Your chances of being struck by lightning in your lifetime is about 1 in 16,550. While the odds are virtually zero (depending on certain behaviors and environmental conditions), it’s important to take note of what could happen to your body should the impossible strike.
Journeying from the sky to you
There are five ways lightning can strike humans:
The most deadly is called a "direct strike". As its name suggests, a direct strike happens when lightning travels down from the sky and hits a person — often in an open area — directly. This can produce the greatest amount of current through the body, compared to that of other lightning strikes.
Contrary to a direct strike, a "side flash" involves lightning first hitting a tall object and then having part of its current jump to a victim standing 1-2 feet away. An example of this is lightning striking a tree and then hitting a nearby victim who was seeking shelter from the elements under said tree.
The next type of lightning strike is a "ground current," and it causes the greatest number of deaths and injuries due to lightning. Ground current happens when lightning makes contact with an object on the ground and then travels outward through the surface of the ground.
This ability to travel brings about the next type of lightning strike: "conduction." Conduction occurs when lightning hits a tall object, jumps to metal surface, and then travels along that surface. The metal provides an avenue through which the electricity can travel, endangering anyone in contact with the metal.
The least common lightning strikes are known as "streamers." Under normal circumstances, lightning usually only hits one object, or streamer. Multiple streamers usually happen when multiple objects on the ground become paths for a lightning bolt’s current. A person nearby can become one of those streamers.
No matter the type of lightning strike, the effects on a victim are severe and, in some cases, deadly.
Severe burns and shockwaves
Lightning can harm the human body by way of its electrical properties and the extreme heat it causes.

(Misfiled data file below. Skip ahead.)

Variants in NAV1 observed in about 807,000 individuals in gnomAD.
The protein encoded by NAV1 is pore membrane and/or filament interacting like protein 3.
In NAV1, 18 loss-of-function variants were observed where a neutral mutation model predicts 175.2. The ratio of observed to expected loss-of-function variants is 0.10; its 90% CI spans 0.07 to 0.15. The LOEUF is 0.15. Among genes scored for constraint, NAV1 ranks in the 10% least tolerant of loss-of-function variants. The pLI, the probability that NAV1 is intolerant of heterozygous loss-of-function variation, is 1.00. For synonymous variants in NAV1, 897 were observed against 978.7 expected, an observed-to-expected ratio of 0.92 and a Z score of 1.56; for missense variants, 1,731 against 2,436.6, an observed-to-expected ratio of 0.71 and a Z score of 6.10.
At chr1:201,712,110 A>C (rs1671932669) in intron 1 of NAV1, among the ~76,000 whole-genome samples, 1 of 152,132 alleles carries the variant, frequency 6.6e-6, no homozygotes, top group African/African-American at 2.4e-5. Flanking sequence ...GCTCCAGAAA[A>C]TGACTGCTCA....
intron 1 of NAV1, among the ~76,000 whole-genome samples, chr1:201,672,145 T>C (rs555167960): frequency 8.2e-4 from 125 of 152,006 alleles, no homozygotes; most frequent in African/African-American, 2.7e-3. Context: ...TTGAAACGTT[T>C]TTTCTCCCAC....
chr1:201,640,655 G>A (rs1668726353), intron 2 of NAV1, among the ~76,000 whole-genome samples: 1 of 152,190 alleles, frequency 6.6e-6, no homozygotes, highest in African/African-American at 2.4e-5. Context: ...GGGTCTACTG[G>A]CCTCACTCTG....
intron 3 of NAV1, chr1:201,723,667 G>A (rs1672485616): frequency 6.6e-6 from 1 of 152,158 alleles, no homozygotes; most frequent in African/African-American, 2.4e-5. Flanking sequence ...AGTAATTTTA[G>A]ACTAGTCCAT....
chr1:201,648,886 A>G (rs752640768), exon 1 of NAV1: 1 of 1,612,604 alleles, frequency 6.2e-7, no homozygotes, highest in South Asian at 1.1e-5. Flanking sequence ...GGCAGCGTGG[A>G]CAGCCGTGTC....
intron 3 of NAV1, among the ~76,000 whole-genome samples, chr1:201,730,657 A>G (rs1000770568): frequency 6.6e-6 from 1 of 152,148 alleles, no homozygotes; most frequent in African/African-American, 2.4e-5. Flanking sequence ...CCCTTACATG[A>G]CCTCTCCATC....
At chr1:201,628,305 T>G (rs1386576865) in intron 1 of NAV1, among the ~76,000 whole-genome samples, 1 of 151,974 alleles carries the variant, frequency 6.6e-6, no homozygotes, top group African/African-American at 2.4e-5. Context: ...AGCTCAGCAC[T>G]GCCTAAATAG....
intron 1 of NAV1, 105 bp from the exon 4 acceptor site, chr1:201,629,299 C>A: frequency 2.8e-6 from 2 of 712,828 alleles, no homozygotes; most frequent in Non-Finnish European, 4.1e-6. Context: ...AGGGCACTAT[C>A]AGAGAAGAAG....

While lightning technically has no temperature, its electrical current can heat the the air around it — and any object the current passes through — to be up to five times hotter than the surface of the sun.
It can cause first- and second-degree burns called "linear flash burns," in which skin is scalded by the quick heating and vaporizing of sweat, rain or other moisture on the skin’s surface. Lightning may also cause circular "punctate burns," which occur when lightning’s electrical current, after having reached deep tissue, leaves the body. Punctate burns may be first-degree or, very rarely, third-degree burns.
Third-degree burns make up less than 5% of lightning-induced injuries. When they do occur, they often happen when skin comes into contact with an object that was heated up by the lightning strike. The object can be a synthetic or metallic object a person has come into contact with, which is often the case in conduction lightning strikes. The heated object then melts to the skin or directly burns it.
Burns may also occur if the lightning sets a victim’s clothing on fire.
The temperature surrounding a lightning strike may also cause a debilitating shock wave. When the air around lightning rapidly heats up and then cools, it can create an implosive or explosive force capable of throwing the victim of a lightning strike. According to the National Institutes of Health, such a shock wave may cause severe physical trauma, resulting in injuries like internal bleeding, a concussion, a fractured skull and damage to the spine.